Andrew Cuomo owes a genuine back-to-work plan to New Yorkers
With his announcement Thursday that New York would continue its “pause” until May 15, it became clear that Gov. Andrew Cuomo has lost control of the crisis — which he hitherto had such command over.
The problem, in a nutshell, is that the blanket policy divides businesses into “essential” and “nonessential.” The better frame is to divide businesses that can operate safely and those that can’t.
Cuomo’s totalizing approach, moreover, fails to distinguish between Manhattan (population: 1.6 million) and Morehouse, NY (population: 77).
Cuomo had been a calming force, bringing serene authority to an anxious moment, especially when compared to our erratic mayor and combative president. But now we need more than serenity and confidence. We need a roadmap back to normal. Cuomo has failed to produce any such thing.
Maybe he let the early good reviews go to his head. At the news conference where he announced another month of quarantine, Cuomo rambled about Joe Friday and “Dragnet,” which he raved was “an unappreciated cinematic treasure.” Spare us the Dad jokes and Boomer references, Governor. It isn’t appropriate. People are dying across the state; others are terrified of economic collapse and unemployment.
Cuomo’s official Web site touts the Thursday news conference as one in which the governor “outlined a blueprint to un-pause New York.” But where, exactly, is that blueprint?
The list on his site, presumably the “blueprint,” describes a “phased return” to a “new normal.” But when and how? When will that phased return begin if we have a month of the status quo with not even minimal adjustments or a more nuanced frame than essential/nonessential? It appears more like a blueprint to someday develop a blueprint.
It doesn’t help that the lockdown rules don’t quite apply equally to everyone. Cuomo’s brother, Chris, came down with COVID-19 and has been broadcasting his CNN show — featuring grossly obsequious coverage of the governor — from his house in Southampton.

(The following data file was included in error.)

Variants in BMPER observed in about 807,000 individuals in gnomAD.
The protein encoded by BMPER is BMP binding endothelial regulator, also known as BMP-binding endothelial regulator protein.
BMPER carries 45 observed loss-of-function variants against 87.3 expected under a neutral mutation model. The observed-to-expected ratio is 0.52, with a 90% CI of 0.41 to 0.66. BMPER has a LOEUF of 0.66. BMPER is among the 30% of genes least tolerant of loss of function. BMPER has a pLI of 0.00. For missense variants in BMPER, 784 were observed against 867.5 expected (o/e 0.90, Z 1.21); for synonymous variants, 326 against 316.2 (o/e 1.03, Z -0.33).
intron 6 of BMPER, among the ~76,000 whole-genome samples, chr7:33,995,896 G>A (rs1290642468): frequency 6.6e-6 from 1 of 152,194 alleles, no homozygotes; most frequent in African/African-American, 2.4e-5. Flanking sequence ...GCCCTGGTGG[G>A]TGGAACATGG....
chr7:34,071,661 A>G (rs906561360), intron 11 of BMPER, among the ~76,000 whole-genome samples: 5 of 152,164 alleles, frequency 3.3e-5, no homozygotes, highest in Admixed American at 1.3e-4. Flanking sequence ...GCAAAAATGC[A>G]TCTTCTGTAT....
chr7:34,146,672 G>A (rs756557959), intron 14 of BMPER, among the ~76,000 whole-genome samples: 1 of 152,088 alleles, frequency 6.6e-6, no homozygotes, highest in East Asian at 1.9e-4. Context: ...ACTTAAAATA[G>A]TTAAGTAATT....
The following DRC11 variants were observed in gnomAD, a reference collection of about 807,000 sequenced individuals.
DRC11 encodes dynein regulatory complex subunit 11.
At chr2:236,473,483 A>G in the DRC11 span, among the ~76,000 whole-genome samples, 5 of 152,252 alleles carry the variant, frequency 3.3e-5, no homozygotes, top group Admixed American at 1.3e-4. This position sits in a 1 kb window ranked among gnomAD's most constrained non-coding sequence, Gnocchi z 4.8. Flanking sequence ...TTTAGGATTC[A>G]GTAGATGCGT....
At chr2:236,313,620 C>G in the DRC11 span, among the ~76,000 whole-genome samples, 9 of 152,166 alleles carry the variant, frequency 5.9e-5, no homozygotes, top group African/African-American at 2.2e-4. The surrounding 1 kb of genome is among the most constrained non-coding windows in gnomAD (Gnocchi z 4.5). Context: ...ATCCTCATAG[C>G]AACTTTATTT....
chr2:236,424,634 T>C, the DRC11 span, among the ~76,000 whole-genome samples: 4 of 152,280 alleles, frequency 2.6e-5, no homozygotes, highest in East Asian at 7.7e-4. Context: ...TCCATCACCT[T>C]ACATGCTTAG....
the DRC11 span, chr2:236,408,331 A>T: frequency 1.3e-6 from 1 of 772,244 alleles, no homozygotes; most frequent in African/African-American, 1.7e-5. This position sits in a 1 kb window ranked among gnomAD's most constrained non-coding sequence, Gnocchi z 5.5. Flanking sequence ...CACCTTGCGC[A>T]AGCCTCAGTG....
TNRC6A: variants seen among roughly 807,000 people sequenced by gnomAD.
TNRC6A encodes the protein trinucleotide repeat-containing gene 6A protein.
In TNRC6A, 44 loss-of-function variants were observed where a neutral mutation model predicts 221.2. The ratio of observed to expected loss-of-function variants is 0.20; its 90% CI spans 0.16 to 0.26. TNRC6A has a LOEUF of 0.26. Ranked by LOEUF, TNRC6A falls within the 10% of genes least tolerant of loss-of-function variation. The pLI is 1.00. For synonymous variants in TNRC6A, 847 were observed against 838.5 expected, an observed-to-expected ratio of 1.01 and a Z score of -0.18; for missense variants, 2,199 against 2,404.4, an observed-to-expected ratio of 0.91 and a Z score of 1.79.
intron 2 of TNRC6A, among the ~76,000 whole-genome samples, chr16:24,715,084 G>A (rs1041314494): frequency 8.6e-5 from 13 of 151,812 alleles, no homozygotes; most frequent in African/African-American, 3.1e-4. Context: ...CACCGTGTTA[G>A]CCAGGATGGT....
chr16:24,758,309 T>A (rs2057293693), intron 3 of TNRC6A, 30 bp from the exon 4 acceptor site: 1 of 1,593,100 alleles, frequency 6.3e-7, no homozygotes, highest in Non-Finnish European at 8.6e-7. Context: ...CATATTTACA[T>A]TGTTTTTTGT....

Last week, Chris announced that his wife, Cristina, had also tested positive for the virus. Who knows how that happened? But it’s disconcerting enough that Chris has blatantly not been quarantining.
A few days before the announcement about his wife, Chris was seen in East Hampton, a 30-minute drive from his home, visiting a property of his that is under construction. He had a verbal altercation with a bicyclist who, correctly, asked what he was doing outside.
The governor was on Chris’ show Thursday and commiserated about Cristina’s diagnosis but said it was inevitable, since “it’s very hard for a person to quarantine in a home, and other people not to get it.” Perhaps the governor should clarify what it means to quarantine, as either most New Yorkers don’t understand what it means — or his own kid brother doesn’t.
Consistency matters. This would have been a great moment for the governor to show that we’re all in this together, that no one gets special treatment — and that his brother, who has been open that he still has symptoms including fever, shouldn’t be leaving his room, much less his house. The gov failed to do that, even as he extended a blanket lockdown on the rest of us.
“Everyone asks when it’s over,” the governor has said. “It’s over when you have a vaccine. And that’s 12 to 18 months away.”
If the governor is planning to keep us locked down for more than a year — with big exceptions made for his famous brother to visit his construction project when he feels like it — he needs to say so now.
If he isn’t, he needs to be specific about how and when we will be reopening. A good model to follow might be Europe’s phased reopening, starting with small businesses that can be patronized without compromising social distancing.
We are past the calming stage. Solidarity breaks down when there’s little hope or the appearance of favoritism (cough-cough, Chris!). Worse, authoritativeness loses its shine if a growing share of the population senses there is no real plan.
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